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Discussion Starter · #1 · (Edited)
I woke up this morning around 6am like normal do to let the dog out. He had solid poops and peed.

I brought him back in and he started to vomit and threw-up in his cage. I quickly ran him to the bathroom where he threw-up a little in his mouth and swallowed it. (lol dogs are so groose :) ). I went back in his cage to clean up and I noticed a piece of (edit) (onion) in his vomit which was just a white foam. I figured he was fine so I gave him water and went back to sleep.

My girl friend woke up at 800 to go to work and she let him out and he pooped fine again outside. so she fed him his breakfast so we stay on schedule.

I woke up around 11am to let him out again and he ran to the door and sat down. I put on the leash and he RAN to his pooping spot and had diarrhea, after he was finished I brought him back in and he played a little and ran back to the door. I let him back out and he finished up.

I have him sitting in his cage right now wondering if I should just let him chill or if I should take him to the vet. I think he just ate something he shouldn't have and how he is just getting it out of his body and its nothing crazy but other opinions are welcome.
 

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This is copied and pasted from http://www.missouriscenicrivers.com/baddogfoods.html


"Onions cause hemolytic anemia, which means that the red blood cells break down leaving the dog short of oxygen. Onion poisoning can occur with a single ingestion of large quantities or with repeated meals containing small amounts of onion. The condition generally improves once the dog is prevented from eating any further onion. The poisoning may occur a few days after the dog has eaten the onion. At first dogs affected by onion poisoning show gastroenteritis with vomiting and diarrhea, weakness and show little or no interest in food. The red pigment from the burst blood cells appears in an affected dog's urine making it dark colored. The dog will experience shortness of breath because the red blood cells that carry oxygen through the body are reduced in number. Other symptoms are elevated body temperature, confusion, and increased heart rate. Seek veterinary care immediately.

The quantity of onions, raw or cooked, required is high enough that dogs can generally tolerate small doses of onions without any problem and moderate amounts of onion without apparent signs of onion poisoning. All forms of onion can be a problem including dehydrated onions, raw onions, cooked onions and table scraps containing cooked onions and/or garlic. Left over pizza, Chinese dishes and commercial baby food containing onion, sometimes fed as a supplement to young pets, can cause illness.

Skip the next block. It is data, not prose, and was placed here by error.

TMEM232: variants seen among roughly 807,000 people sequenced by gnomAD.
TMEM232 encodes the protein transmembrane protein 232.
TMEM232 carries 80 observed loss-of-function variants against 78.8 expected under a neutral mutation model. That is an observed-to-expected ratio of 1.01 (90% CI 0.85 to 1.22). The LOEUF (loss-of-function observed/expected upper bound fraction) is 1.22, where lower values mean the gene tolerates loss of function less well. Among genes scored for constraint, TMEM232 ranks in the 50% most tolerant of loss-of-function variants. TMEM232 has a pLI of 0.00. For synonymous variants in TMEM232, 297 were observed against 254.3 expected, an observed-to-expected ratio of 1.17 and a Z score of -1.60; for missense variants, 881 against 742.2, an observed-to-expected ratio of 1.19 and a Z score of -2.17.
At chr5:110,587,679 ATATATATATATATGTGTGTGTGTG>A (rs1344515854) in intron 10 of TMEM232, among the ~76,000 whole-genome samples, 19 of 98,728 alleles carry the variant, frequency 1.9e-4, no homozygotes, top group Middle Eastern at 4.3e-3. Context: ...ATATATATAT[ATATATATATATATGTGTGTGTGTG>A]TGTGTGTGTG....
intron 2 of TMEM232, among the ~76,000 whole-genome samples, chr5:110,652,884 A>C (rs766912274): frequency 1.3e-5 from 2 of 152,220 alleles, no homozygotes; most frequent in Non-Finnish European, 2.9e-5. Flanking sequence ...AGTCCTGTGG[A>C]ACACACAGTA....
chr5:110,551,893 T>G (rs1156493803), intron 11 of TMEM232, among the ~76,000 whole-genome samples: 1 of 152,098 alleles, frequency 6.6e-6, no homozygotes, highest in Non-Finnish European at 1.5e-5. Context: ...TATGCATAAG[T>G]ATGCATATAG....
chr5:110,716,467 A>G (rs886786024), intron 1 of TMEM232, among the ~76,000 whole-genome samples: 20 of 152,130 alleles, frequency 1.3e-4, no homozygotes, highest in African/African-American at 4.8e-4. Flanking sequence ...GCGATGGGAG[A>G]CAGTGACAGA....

While garlic also contains the toxic ingredient thiosulphate, it seems that garlic is less toxic and large amounts would need to be eaten to cause illness."
 

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Discussion Starter · #6 ·
This is copied and pasted from http://www.missouriscenicrivers.com/baddogfoods.html


"Onions cause hemolytic anemia, which means that the red blood cells break down leaving the dog short of oxygen. Onion poisoning can occur with a single ingestion of large quantities or with repeated meals containing small amounts of onion. The condition generally improves once the dog is prevented from eating any further onion. The poisoning may occur a few days after the dog has eaten the onion. At first dogs affected by onion poisoning show gastroenteritis with vomiting and diarrhea, weakness and show little or no interest in food. The red pigment from the burst blood cells appears in an affected dog's urine making it dark colored. The dog will experience shortness of breath because the red blood cells that carry oxygen through the body are reduced in number. Other symptoms are elevated body temperature, confusion, and increased heart rate. Seek veterinary care immediately.

The quantity of onions, raw or cooked, required is high enough that dogs can generally tolerate small doses of onions without any problem and moderate amounts of onion without apparent signs of onion poisoning. All forms of onion can be a problem including dehydrated onions, raw onions, cooked onions and table scraps containing cooked onions and/or garlic. Left over pizza, Chinese dishes and commercial baby food containing onion, sometimes fed as a supplement to young pets, can cause illness.

While garlic also contains the toxic ingredient thiosulphate, it seems that garlic is less toxic and large amounts would need to be eaten to cause illness."
Nice information! thank you very much, Jack seems to be doing better. All his poop is solid now and he hasn't vomited since this morning. Thank you for those who helped.
 
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